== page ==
A nonlinear, nonlocal cochlear model of the transmission line type is studied in
order to capture the multitone interactions and resulting tonal suppression effects. The model can
serve as a module for voice signal processing, and is a one-dimensional (in space) damped dispersive
nonlinear PDE based on the mechanics and phenomenology of hearing. It describes the motion of
the basilar membrane (BM) in the cochlea driven by input pressure waves. Both elastic damping
and selective longitudinal fluid damping are present. The former is nonlinear and nonlocal in BM
displacement, and plays a key role in capturing tonal interactions. The latter is active only near
the exit boundary (helicotrema), and is built in to damp out the remaining long waves. The initial
boundary value problem is numerically solved with a semi-implicit second order finite difference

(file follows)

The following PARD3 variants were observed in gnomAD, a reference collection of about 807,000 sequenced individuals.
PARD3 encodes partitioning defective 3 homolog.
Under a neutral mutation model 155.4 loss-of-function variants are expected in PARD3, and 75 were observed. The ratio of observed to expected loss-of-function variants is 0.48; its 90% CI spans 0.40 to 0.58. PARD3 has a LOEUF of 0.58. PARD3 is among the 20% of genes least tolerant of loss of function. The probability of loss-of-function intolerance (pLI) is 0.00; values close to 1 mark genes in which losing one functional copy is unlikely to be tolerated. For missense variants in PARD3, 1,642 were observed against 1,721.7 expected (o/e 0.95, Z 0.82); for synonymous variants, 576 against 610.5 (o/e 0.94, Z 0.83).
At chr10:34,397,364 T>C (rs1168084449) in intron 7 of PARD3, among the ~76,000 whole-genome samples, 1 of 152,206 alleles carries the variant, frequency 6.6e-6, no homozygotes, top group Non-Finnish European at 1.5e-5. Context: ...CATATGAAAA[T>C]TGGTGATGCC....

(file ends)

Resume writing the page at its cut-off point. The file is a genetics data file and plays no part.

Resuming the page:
method. Solutions reach a multi-frequency quasi-steady state. Numerical results are shown on two
tone suppression from both high-frequency and low-frequency sides, consistent with known behavior
of two tone suppression. Suppression effects among three tones are demonstrated by showing how
the response magnitudes of the fixed two tones are reduced as we vary the third tone in frequency
and amplitude. We observe qualitative agreement of our model solutions with existing cat auditory
neural data. The model is thus a simple and efficient processing tool for voice signals.